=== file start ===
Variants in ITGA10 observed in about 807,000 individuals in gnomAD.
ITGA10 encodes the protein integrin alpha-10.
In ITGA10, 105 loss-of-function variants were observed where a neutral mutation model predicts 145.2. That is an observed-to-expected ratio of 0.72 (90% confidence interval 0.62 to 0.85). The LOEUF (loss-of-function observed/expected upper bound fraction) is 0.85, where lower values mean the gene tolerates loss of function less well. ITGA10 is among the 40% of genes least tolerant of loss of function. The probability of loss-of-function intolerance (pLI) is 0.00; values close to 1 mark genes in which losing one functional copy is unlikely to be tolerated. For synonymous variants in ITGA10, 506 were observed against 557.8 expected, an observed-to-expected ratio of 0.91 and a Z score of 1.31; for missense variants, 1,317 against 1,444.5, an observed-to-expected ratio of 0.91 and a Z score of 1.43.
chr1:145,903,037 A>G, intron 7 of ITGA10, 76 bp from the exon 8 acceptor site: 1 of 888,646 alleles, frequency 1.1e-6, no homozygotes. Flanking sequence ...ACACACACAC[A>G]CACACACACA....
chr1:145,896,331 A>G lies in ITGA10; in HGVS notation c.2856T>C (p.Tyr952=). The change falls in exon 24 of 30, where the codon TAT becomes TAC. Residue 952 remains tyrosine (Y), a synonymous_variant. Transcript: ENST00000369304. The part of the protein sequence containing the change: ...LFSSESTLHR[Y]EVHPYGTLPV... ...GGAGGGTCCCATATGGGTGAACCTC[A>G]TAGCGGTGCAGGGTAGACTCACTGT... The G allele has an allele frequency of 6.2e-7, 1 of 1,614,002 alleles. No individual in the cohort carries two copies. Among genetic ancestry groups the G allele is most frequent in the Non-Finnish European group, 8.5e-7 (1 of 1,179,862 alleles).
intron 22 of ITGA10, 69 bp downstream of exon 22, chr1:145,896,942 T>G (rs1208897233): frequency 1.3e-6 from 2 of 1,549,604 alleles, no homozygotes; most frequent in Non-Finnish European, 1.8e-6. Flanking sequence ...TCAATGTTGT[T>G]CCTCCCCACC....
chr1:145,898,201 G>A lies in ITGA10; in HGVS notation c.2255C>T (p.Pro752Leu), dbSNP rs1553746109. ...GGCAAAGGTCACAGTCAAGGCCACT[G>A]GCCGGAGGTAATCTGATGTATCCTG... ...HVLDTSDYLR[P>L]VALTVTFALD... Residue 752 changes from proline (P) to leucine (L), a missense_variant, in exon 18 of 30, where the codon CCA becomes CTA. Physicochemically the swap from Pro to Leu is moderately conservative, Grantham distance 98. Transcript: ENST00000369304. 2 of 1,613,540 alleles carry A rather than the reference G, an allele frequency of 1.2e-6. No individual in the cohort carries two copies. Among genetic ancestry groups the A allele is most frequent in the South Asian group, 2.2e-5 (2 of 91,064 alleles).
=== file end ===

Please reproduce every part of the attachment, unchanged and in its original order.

Variants in ITGA10 observed in about 807,000 individuals in gnomAD.
ITGA10 encodes the protein integrin alpha-10.
In ITGA10, 105 loss-of-function variants were observed where a neutral mutation model predicts 145.2. That is an observed-to-expected ratio of 0.72 (90% confidence interval 0.62 to 0.85). The LOEUF (loss-of-function observed/expected upper bound fraction) is 0.85, where lower values mean the gene tolerates loss of function less well. ITGA10 is among the 40% of genes least tolerant of loss of function. The probability of loss-of-function intolerance (pLI) is 0.00; values close to 1 mark genes in which losing one functional copy is unlikely to be tolerated. For synonymous variants in ITGA10, 506 were observed against 557.8 expected, an observed-to-expected ratio of 0.91 and a Z score of 1.31; for missense variants, 1,317 against 1,444.5, an observed-to-expected ratio of 0.91 and a Z score of 1.43.
chr1:145,903,037 A>G, intron 7 of ITGA10, 76 bp from the exon 8 acceptor site: 1 of 888,646 alleles, frequency 1.1e-6, no homozygotes. Flanking sequence ...ACACACACAC[A>G]CACACACACA....
chr1:145,896,331 A>G lies in ITGA10; in HGVS notation c.2856T>C (p.Tyr952=). The change falls in exon 24 of 30, where the codon TAT becomes TAC. Residue 952 remains tyrosine (Y), a synonymous_variant. Transcript: ENST00000369304. The part of the protein sequence containing the change: ...LFSSESTLHR[Y]EVHPYGTLPV... ...GGAGGGTCCCATATGGGTGAACCTC[A>G]TAGCGGTGCAGGGTAGACTCACTGT... The G allele has an allele frequency of 6.2e-7, 1 of 1,614,002 alleles. No individual in the cohort carries two copies. Among genetic ancestry groups the G allele is most frequent in the Non-Finnish European group, 8.5e-7 (1 of 1,179,862 alleles).
intron 22 of ITGA10, 69 bp downstream of exon 22, chr1:145,896,942 T>G (rs1208897233): frequency 1.3e-6 from 2 of 1,549,604 alleles, no homozygotes; most frequent in Non-Finnish European, 1.8e-6. Flanking sequence ...TCAATGTTGT[T>G]CCTCCCCACC....
chr1:145,898,201 G>A lies in ITGA10; in HGVS notation c.2255C>T (p.Pro752Leu), dbSNP rs1553746109. ...GGCAAAGGTCACAGTCAAGGCCACT[G>A]GCCGGAGGTAATCTGATGTATCCTG... ...HVLDTSDYLR[P>L]VALTVTFALD... Residue 752 changes from proline (P) to leucine (L), a missense_variant, in exon 18 of 30, where the codon CCA becomes CTA. Physicochemically the swap from Pro to Leu is moderately conservative, Grantham distance 98. Transcript: ENST00000369304. 2 of 1,613,540 alleles carry A rather than the reference G, an allele frequency of 1.2e-6. No individual in the cohort carries two copies. Among genetic ancestry groups the A allele is most frequent in the South Asian group, 2.2e-5 (2 of 91,064 alleles).